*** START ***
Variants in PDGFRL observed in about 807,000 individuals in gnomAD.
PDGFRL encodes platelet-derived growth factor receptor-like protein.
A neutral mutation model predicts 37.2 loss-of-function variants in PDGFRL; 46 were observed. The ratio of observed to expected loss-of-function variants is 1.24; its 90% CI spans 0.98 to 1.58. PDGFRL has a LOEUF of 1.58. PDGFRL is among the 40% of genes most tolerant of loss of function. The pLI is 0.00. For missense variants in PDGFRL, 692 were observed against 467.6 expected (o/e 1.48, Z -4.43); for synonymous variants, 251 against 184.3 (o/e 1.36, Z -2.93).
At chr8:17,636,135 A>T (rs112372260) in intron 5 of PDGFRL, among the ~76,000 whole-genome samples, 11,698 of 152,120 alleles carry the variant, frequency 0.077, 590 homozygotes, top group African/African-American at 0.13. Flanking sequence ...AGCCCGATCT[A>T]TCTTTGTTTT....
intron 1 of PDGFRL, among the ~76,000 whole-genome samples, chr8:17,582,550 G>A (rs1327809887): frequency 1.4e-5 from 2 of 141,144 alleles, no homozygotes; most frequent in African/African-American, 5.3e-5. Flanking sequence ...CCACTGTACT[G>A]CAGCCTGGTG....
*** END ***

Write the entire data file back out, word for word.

Variants in PDGFRL observed in about 807,000 individuals in gnomAD.
PDGFRL encodes platelet-derived growth factor receptor-like protein.
A neutral mutation model predicts 37.2 loss-of-function variants in PDGFRL; 46 were observed. The ratio of observed to expected loss-of-function variants is 1.24; its 90% CI spans 0.98 to 1.58. PDGFRL has a LOEUF of 1.58. PDGFRL is among the 40% of genes most tolerant of loss of function. The pLI is 0.00. For missense variants in PDGFRL, 692 were observed against 467.6 expected (o/e 1.48, Z -4.43); for synonymous variants, 251 against 184.3 (o/e 1.36, Z -2.93).
At chr8:17,636,135 A>T (rs112372260) in intron 5 of PDGFRL, among the ~76,000 whole-genome samples, 11,698 of 152,120 alleles carry the variant, frequency 0.077, 590 homozygotes, top group African/African-American at 0.13. Flanking sequence ...AGCCCGATCT[A>T]TCTTTGTTTT....
intron 1 of PDGFRL, among the ~76,000 whole-genome samples, chr8:17,582,550 G>A (rs1327809887): frequency 1.4e-5 from 2 of 141,144 alleles, no homozygotes; most frequent in African/African-American, 5.3e-5. Flanking sequence ...CCACTGTACT[G>A]CAGCCTGGTG....